Biochemical Researchers at Eastern University Move a Step Closer to Developing a Novel Means to Control Fire Blight Disease in Apple Trees

St. Davids, PA: Fire blight is one of the most significant threats to commercial apple and pear production worldwide, with economic losses exceeding $100 million annually in the United States alone.  Fire blight is a major problem in apple orchards throughout Pennsylvania, which is the fourth largest producer of apples in the United States.  This devastating disease is caused by the bacterial pathogen Erwinia amylovora, which is classified in the same family as a number of dangerous human pathogens.  Genetic studies of fire blight have shown that one of the virulence factor proteins required for systemic spread of the pathogen within the vascular tissue of the tree is an enzyme known as HsvA*.   Fire blight bacteria lacking HsvA are much less virulent and are unable to spread effectively within the tree during infection, suggesting that HsvA is an important weapon in the arsenal of the pathogen.

In order to understand how HsvA works at the molecular level, student researchers at Eastern University from the College of Arts and Sciences, the Templeton Honors College, and nearby Conestoga High School, working with Dr. Jeff Lawton in the Department of Chemistry, characterized the biochemical activity of HsvA and found that HsvA is an amidinotransferase enzyme that displays novel substrate specificity.  Amidinotransferases are enzymes that move an amidino group – a molecular fragment consisting of a carbon atom connected to two NH2 groups – from a donor molecule (usually arginine) to an acceptor molecule.  Dr. Lawton’s research group found that HsvA uses a class of small organic molecules known as polyamines as acceptor substrates, with putrescine and spermidine being the most highly preferred.  In plants, polyamines are known to play an essential role in the mobilization of defenses during infection.  The discovery that HsvA uses polyamines as a substrate suggests that fire blight may be working to disrupt polyamine-dependent signaling pathways in apple trees that are required for defense mechanisms to operate effectively, thereby securing an advantage for the pathogen during infection.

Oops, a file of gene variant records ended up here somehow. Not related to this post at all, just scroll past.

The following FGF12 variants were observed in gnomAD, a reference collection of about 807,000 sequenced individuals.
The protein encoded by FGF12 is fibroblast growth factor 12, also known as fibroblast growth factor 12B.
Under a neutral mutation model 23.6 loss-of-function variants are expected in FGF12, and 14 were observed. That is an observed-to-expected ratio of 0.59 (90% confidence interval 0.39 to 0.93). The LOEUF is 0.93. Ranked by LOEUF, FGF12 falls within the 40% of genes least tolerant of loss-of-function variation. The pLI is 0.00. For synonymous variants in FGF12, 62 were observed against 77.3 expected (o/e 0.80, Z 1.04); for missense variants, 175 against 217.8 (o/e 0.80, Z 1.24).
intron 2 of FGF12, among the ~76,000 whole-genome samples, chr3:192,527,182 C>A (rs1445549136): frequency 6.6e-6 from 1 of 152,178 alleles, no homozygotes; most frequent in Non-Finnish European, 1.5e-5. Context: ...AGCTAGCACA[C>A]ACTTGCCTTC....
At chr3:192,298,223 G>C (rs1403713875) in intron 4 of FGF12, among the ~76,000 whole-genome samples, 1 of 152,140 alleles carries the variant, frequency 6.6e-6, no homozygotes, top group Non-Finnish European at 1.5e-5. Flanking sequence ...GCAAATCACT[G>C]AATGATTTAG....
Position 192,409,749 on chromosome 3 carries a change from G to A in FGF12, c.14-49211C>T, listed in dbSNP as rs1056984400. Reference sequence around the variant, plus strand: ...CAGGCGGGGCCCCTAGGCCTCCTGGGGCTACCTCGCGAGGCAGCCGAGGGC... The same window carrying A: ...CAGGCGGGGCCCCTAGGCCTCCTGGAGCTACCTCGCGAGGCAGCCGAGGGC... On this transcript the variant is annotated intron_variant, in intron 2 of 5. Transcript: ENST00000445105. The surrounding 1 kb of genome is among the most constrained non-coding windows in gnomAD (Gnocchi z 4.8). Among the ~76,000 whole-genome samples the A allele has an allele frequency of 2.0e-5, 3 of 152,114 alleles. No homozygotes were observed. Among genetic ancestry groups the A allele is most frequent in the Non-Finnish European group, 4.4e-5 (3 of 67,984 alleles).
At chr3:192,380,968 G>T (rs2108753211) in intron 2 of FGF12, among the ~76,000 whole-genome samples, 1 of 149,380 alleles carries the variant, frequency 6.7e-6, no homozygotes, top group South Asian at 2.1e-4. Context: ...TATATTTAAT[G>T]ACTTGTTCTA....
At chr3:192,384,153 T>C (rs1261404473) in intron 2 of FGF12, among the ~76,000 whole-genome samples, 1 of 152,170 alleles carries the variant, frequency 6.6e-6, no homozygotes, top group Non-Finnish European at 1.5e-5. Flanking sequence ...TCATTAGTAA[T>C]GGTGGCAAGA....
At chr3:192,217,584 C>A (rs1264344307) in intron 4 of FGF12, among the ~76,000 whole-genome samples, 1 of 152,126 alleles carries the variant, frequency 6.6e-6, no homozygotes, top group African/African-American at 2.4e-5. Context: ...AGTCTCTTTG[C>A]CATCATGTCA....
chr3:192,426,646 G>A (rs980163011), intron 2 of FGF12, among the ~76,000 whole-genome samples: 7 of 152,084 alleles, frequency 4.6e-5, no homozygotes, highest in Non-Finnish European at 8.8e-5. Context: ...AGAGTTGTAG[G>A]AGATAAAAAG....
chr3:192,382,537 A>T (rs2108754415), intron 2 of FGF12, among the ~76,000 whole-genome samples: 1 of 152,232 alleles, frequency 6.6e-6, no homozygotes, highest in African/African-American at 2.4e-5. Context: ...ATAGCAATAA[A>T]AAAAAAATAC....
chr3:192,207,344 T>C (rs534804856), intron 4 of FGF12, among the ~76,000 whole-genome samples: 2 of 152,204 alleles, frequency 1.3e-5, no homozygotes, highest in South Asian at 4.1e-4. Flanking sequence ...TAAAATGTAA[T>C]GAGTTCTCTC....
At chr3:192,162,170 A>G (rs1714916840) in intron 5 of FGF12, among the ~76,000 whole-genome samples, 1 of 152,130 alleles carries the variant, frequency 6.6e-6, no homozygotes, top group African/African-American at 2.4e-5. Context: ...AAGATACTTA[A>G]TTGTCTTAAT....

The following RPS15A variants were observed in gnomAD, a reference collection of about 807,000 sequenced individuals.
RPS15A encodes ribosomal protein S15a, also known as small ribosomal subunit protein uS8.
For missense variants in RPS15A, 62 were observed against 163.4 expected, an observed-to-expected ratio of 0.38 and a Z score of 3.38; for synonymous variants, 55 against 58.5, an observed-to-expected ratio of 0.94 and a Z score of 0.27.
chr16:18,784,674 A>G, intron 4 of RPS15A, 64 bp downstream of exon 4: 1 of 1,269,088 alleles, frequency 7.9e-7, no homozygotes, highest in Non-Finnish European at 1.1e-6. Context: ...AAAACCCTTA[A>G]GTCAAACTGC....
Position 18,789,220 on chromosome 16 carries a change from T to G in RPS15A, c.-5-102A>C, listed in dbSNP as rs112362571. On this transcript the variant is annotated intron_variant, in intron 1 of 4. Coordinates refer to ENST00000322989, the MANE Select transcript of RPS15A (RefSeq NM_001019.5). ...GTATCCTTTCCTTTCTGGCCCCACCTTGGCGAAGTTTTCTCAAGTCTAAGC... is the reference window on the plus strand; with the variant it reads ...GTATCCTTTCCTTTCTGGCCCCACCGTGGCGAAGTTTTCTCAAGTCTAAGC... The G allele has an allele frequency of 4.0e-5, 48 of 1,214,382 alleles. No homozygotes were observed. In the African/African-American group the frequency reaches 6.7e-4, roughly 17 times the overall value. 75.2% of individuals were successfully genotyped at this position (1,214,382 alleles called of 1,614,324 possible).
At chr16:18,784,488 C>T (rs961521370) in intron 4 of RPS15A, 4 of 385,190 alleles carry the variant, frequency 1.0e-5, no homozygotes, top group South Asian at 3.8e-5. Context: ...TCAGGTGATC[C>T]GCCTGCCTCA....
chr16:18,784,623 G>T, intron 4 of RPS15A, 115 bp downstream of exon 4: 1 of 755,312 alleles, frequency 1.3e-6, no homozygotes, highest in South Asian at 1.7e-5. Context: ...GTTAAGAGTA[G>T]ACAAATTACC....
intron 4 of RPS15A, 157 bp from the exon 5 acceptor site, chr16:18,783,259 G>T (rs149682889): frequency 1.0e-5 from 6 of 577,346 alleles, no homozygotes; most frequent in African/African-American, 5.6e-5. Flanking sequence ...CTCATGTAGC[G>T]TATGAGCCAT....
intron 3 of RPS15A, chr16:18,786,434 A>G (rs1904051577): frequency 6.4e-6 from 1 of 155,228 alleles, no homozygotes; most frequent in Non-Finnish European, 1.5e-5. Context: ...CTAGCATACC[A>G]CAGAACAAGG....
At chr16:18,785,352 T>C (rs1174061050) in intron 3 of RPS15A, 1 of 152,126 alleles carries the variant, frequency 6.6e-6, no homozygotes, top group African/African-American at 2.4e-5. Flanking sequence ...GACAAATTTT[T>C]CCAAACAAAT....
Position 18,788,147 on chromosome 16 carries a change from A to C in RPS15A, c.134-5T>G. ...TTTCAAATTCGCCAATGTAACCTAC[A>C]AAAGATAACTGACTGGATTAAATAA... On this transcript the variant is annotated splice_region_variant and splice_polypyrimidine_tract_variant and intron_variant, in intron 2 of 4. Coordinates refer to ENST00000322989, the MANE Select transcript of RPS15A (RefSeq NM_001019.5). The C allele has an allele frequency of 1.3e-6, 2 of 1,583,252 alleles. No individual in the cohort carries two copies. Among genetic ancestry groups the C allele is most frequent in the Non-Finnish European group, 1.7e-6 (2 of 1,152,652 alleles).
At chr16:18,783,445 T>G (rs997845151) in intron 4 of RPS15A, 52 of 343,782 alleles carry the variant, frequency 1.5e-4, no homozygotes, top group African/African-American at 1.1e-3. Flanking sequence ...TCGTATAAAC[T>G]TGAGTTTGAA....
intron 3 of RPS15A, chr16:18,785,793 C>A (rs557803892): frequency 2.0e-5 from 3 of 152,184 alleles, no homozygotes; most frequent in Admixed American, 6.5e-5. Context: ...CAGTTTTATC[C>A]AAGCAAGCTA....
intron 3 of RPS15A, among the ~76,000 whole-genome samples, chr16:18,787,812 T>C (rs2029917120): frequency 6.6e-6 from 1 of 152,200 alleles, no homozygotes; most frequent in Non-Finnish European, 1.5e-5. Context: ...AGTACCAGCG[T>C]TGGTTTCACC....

The results of this research were published in the Journal of Biological Chemistry, a leading journal in the biochemical field, appearing online on 9 November 2017 and in print on 29 December 2017**.   This paper also presents the molecular structure of HsvA, determined using X-ray crystallography in collaboration with Dr. Sreejesh Shanker at Baylor College of Medicine in Houston, Texas.  The details of the molecular structure provide important insights into the way in which HsvA is likely to interact with substrates during the amidinotransfer reaction.  As Dr. Lawton observed, “the information that we have gained from this work provides a starting point for the rational design of inhibitors that could potentially serve as novel strategies for controlling fire blight in apple orchards by blocking the activity of this essential enzyme during infection.  We have begun moving in this direction already.”  The atomic coordinates of the HsvA structure are available in the Protein Data Bank under accession number 5WPI.

This project involved seven student collaborators working with Dr. Lawton at Eastern University.  Vicki Wallace-Kneale ’15 was a biochemistry major in the College of Arts and Sciences whose work on the project was supported by funding from the HBE Foundation.  Grace Schaefer ’16, Benjamin Barnhart ’15, Thomas Coyle ’15, and David Metzler ’08 were biochemistry majors and Templeton Honors College scholars.  Dorsin Chang and Jeffrey Huang were students at Conestoga High School whose involvement in the project was supported by a STEM education grant that the Department of Chemistry received from the VWR Charitable Foundation.  This work was also supported by a Cottrell College Science Award that Dr. Lawton received from Research Corporation for Science Advancement.  Inquiries about this work may be directed to Dr. Lawton by email at or by phone at 610-341-1545.


* Oh CS, Kim JF, and Beer SV. (2205). "The Hrp pathogenicity island of Erwinia amlovora and identification of three novel genes required for systemic infection." Molecular Plant Pathology 6(2), 125-138

** Shanker S, Schaefer GK, Barnhart BK, Wallace-Kneale VL, Chang D, Coyle TJ, Metzler, DA, Huang J, and Lawton JA (2017). "The virulence-associated protein HsvA from the fire blight pathogen Erwinia amylovora is a polyamine amidinotransferase." Journal of Biological Chemistry 292(52), 21366-21380.